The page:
The thing I love about Bath, and England in general, is how it carries its history alongside its present. It carries its weight like an old sweater.
It’s something you don’t see much of living in Los Angeles. “Old” is 1950; not like the cottage we stayed in, that was built in 1750!
The accommodations had all the modern accessories, conveniently stuffed into the rickety corners. I was in love as soon as I turned the smiling knob and stepped inside.
Staying there made me acutely aware of the passage of time. I imagined all the people who stayed there before us. What stories these walls must’ve seen!
As I saw my son nearly bang his head on the stairs, I was reminded in another way how much time had passed.
I could still see that little boy in his echo, but the cuddly inspiration for my art had disappeared into the shadows of that cottage.
He changed. I changed. And I knew somehow that my art would need to change along with it.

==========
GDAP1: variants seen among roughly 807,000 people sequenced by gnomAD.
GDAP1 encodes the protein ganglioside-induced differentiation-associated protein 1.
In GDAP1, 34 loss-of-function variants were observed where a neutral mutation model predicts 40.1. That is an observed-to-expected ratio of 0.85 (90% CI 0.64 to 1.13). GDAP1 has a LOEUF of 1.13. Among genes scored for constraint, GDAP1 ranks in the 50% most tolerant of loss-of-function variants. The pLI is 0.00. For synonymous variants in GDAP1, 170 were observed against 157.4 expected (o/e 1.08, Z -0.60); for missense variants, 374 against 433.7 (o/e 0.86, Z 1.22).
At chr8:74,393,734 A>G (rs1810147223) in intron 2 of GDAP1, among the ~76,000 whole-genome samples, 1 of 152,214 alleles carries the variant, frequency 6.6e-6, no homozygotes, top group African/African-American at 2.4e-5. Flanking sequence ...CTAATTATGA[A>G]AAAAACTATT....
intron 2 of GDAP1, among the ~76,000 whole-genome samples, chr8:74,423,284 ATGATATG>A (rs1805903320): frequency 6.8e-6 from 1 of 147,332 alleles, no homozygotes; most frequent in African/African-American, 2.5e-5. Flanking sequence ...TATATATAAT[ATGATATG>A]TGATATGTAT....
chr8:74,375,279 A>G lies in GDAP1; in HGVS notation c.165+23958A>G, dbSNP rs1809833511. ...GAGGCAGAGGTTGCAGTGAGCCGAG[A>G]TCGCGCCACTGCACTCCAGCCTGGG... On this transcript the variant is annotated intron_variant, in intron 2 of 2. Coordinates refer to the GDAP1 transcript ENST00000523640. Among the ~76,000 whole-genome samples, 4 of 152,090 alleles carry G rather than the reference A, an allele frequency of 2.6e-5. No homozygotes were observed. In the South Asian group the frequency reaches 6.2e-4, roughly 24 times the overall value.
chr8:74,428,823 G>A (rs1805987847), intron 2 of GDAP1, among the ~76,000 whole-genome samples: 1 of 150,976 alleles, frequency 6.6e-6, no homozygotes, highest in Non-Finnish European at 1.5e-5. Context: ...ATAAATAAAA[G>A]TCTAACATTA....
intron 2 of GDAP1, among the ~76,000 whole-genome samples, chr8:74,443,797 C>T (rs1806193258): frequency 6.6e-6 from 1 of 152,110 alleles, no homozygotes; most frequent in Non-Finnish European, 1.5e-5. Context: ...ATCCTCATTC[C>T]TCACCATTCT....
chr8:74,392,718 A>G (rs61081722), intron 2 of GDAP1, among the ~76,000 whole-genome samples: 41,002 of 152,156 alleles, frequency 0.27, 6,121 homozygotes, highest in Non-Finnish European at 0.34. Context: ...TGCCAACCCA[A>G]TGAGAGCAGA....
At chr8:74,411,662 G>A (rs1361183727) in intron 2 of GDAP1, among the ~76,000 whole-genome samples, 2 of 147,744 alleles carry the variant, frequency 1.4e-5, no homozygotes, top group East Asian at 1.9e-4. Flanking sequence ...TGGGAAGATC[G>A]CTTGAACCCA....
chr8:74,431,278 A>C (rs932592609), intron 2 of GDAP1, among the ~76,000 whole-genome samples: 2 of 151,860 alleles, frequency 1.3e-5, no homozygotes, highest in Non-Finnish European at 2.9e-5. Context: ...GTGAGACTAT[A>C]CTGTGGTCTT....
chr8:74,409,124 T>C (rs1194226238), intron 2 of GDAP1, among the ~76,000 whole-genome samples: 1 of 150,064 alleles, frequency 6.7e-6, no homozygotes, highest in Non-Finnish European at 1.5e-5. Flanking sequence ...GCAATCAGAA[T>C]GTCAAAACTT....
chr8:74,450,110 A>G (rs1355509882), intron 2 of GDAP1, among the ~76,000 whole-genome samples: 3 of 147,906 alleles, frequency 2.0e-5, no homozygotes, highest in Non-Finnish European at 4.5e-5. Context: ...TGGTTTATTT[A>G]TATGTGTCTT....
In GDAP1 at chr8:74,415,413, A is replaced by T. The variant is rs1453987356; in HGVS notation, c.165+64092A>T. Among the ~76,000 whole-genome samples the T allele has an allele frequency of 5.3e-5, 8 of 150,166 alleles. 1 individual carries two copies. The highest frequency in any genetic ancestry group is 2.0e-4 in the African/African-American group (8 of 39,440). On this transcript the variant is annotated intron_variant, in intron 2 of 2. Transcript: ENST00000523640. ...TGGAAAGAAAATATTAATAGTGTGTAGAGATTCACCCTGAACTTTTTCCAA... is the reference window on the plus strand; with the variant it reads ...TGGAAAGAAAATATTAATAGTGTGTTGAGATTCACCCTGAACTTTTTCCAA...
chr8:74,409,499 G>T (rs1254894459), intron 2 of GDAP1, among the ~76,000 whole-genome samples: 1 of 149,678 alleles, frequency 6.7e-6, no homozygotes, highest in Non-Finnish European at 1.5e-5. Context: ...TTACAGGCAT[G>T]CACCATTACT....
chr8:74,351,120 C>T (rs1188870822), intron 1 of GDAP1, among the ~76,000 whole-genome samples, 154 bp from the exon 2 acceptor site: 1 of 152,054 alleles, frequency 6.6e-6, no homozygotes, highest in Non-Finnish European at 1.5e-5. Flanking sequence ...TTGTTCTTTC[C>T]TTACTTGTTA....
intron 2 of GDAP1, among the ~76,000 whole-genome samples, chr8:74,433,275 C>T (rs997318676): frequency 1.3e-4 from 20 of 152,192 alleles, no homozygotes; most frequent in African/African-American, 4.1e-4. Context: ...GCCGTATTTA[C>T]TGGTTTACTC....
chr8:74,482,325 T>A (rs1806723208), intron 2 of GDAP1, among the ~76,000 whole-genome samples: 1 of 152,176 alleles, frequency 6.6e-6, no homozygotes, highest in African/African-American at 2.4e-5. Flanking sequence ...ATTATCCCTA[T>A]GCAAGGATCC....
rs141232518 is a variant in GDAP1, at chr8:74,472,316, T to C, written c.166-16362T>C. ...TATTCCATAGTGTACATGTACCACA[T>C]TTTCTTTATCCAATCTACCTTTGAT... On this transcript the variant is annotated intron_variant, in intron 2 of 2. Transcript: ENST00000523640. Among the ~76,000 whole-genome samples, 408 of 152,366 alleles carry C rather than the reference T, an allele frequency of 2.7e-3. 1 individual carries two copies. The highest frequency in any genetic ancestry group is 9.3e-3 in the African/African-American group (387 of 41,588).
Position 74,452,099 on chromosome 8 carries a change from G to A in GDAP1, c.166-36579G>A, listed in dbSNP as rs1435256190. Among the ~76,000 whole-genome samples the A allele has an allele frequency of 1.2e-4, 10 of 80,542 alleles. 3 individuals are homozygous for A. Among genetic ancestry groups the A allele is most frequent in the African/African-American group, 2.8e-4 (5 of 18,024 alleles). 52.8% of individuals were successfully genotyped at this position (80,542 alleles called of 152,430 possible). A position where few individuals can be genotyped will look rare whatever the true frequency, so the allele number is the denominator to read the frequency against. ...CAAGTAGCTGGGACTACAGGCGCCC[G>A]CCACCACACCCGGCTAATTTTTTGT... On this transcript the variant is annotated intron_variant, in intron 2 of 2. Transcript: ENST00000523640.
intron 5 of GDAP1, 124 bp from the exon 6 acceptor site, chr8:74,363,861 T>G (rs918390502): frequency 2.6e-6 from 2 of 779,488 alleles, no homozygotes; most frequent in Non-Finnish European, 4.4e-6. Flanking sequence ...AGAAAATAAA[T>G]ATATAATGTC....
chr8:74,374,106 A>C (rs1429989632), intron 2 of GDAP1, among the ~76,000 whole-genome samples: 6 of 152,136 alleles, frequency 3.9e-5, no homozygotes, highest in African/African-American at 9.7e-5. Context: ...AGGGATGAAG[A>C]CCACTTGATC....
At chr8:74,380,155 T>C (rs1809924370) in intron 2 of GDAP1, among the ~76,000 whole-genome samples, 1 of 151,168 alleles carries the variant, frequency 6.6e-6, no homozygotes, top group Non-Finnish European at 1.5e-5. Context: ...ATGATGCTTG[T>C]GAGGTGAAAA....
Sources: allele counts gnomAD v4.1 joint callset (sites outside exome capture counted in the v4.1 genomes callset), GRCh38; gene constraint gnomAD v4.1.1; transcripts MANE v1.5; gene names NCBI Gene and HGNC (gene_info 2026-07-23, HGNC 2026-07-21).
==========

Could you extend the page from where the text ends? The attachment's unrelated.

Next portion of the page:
In the last six months, I’ve broken away from the one parent-one child pairs that are my signature theme. There are more couples and siblings now, and I’ve grown rather fond of these two lion cubs that seem to be getting their own series.
I’ve also split off in two directions lately. One, with less details, and the other with adding pencil on top, to create softness and more depth. I won’t be taking sides any time soon, because mostly I just choose to add pencil when I feel the piece is missing something.
There is no right way, just “done” (and I don’t always know when that is, either)
Kind of like this story I’m telling.
When will it be “done”?
I’ll know when I get there.